(* elt is the type of one element *)
type avl = Empty | Node of set * elt * int * set
let get_depth s = match s with | Empty -> 0 | Node(_,_,d,_) -> d + 1
(* create a node *)
let node l h r = Node(l, h, max (get_depth l) (get_depth r), r)

My note 🙄: the depth is usually called the height of the tree, but it was disturbing me because we were also calling "h" the head of the tree, now with the depth I'm fine 😬🙄.


Rotations

We got four rotations, that we will use to balance our tree.

AVL Rotate Left - Begin Left Rotation AVL Rotate Left - End

(1/4) Left Rotation: If we are adding a child in rr.

AVL Rotate Right - Begin Right Rotation AVL Rotate Right - End

(2/4) Right Rotation: If we are adding a child in ll.

AVL Rotate Left-Right - Begin Inserting in lr AVL Rotate Left-Right - Balance Left Rotation AVL Rotate Left-Right - Half done Right Rotation AVL Rotate Left-Right - End

(3/4) Left-Right Rotation: If we are adding a child in lr (=lrh if lr is empty, otherwise either lrl or lrr).

AVL Rotate Right-Left - Begin Inserting in rl AVL Rotate Right-Left - Balance Right Rotation AVL Rotate Right-Left - Half done Left Rotation AVL Rotate Right-Left - End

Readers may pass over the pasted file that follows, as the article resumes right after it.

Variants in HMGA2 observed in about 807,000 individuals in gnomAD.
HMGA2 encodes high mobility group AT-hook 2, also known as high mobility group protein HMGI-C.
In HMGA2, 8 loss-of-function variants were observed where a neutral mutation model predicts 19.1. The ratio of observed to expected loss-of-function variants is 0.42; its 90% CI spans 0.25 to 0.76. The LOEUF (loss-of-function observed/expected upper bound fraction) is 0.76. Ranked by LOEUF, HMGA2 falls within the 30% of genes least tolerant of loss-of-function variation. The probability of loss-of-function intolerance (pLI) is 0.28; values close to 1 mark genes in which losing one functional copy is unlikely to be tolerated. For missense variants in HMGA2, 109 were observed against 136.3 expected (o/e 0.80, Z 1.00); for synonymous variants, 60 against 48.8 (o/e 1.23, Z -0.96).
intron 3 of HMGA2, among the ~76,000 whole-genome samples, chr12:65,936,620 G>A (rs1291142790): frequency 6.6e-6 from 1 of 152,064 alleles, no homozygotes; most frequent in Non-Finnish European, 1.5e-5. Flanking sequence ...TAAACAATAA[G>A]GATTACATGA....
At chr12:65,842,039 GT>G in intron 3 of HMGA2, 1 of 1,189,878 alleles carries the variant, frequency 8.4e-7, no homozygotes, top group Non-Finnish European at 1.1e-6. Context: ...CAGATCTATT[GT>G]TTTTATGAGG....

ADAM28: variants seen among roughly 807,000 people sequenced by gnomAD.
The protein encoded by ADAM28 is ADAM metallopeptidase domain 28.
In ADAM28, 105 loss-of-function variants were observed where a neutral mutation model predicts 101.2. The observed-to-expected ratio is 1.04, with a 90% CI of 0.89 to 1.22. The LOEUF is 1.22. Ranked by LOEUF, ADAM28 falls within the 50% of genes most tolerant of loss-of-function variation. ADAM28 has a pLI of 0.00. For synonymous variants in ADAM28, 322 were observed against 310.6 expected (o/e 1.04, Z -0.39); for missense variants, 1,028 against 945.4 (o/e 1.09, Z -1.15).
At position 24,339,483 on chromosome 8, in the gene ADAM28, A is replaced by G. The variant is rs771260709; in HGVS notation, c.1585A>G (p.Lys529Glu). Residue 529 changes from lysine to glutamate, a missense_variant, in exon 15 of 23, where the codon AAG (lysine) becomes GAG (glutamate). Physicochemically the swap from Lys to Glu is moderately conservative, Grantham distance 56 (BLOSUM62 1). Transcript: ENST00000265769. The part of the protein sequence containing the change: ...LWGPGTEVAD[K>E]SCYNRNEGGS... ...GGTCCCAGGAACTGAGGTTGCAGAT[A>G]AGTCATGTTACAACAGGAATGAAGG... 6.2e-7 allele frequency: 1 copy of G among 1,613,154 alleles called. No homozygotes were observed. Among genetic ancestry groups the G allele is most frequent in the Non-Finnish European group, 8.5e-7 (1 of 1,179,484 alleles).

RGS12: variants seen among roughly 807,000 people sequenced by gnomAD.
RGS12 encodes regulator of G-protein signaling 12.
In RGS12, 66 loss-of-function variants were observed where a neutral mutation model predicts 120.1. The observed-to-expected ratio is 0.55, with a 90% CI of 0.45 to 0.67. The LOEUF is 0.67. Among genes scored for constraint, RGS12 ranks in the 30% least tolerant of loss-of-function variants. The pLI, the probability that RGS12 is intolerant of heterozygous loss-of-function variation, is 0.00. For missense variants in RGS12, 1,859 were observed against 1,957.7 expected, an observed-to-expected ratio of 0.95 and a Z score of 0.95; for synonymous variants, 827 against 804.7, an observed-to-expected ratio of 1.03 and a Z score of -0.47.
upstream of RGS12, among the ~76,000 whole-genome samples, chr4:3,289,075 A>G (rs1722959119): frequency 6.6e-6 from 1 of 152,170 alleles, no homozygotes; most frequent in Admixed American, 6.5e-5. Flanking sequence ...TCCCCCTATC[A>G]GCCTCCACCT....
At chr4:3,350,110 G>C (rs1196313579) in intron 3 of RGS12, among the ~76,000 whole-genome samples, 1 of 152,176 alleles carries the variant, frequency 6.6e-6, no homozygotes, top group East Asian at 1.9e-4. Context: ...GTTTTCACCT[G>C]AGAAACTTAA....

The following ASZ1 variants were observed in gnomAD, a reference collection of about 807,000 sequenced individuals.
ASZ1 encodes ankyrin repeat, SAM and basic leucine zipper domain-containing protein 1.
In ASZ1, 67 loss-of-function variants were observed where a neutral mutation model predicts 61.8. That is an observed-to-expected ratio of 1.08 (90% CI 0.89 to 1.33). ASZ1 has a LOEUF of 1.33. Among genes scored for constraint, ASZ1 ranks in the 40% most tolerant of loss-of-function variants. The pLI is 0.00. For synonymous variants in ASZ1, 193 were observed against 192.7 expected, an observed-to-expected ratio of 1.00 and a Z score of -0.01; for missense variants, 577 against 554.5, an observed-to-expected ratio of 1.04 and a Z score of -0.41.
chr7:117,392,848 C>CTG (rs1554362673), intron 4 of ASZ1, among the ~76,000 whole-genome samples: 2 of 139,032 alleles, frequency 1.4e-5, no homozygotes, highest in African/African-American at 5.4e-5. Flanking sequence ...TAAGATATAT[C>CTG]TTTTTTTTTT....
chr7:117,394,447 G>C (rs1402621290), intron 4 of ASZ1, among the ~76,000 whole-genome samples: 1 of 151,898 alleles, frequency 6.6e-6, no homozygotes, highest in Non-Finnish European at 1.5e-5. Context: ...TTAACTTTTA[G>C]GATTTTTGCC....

(4/4) Right-Left Rotation: If we are adding a child in rl (=rlh if lr is empty, otherwise either rll or rlr).


Balance your tree

You know about the depth/height. Each node got this information.

Depth AVL The tree was almost balanced, but not anymore after adding 4 Depth AVL

Notes

  • We are allowing a difference of depth of $\pm 1$
  • The difference is now 2

We can see it in our code by checking what we call the Balance factor (bf). This is the difference of depth between two branches (left minus right).

  • check in which side the tree in unbalanced
    • bf(tree) = 2: then left balanced
    • bf(tree) = -2: then right balanced
    • else (if 0, 1, or -1): then almost balanced or balanced (do nothing)
  • if right balanced, check the balance factor of the right
    • bf(right) = 1: Rotate Right Left
    • bf(right) = 0: ❌ (not possible)